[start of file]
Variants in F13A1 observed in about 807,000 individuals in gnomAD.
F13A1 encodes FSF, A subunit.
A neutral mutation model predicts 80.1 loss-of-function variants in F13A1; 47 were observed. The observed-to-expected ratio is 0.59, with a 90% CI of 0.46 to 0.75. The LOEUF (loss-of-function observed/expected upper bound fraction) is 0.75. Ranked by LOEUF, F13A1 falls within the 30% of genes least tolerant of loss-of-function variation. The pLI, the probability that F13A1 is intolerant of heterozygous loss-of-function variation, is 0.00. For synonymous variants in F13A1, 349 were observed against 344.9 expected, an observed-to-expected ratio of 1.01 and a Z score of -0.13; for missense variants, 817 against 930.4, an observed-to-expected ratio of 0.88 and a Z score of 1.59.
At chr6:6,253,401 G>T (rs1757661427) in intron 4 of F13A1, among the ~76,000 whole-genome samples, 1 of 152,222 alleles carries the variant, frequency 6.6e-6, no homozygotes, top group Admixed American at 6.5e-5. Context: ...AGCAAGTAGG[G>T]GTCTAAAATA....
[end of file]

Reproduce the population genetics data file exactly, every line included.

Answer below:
Variants in F13A1 observed in about 807,000 individuals in gnomAD.
F13A1 encodes FSF, A subunit.
A neutral mutation model predicts 80.1 loss-of-function variants in F13A1; 47 were observed. The observed-to-expected ratio is 0.59, with a 90% CI of 0.46 to 0.75. The LOEUF (loss-of-function observed/expected upper bound fraction) is 0.75. Ranked by LOEUF, F13A1 falls within the 30% of genes least tolerant of loss-of-function variation. The pLI, the probability that F13A1 is intolerant of heterozygous loss-of-function variation, is 0.00. For synonymous variants in F13A1, 349 were observed against 344.9 expected, an observed-to-expected ratio of 1.01 and a Z score of -0.13; for missense variants, 817 against 930.4, an observed-to-expected ratio of 0.88 and a Z score of 1.59.
At chr6:6,253,401 G>T (rs1757661427) in intron 4 of F13A1, among the ~76,000 whole-genome samples, 1 of 152,222 alleles carries the variant, frequency 6.6e-6, no homozygotes, top group Admixed American at 6.5e-5. Context: ...AGCAAGTAGG[G>T]GTCTAAAATA....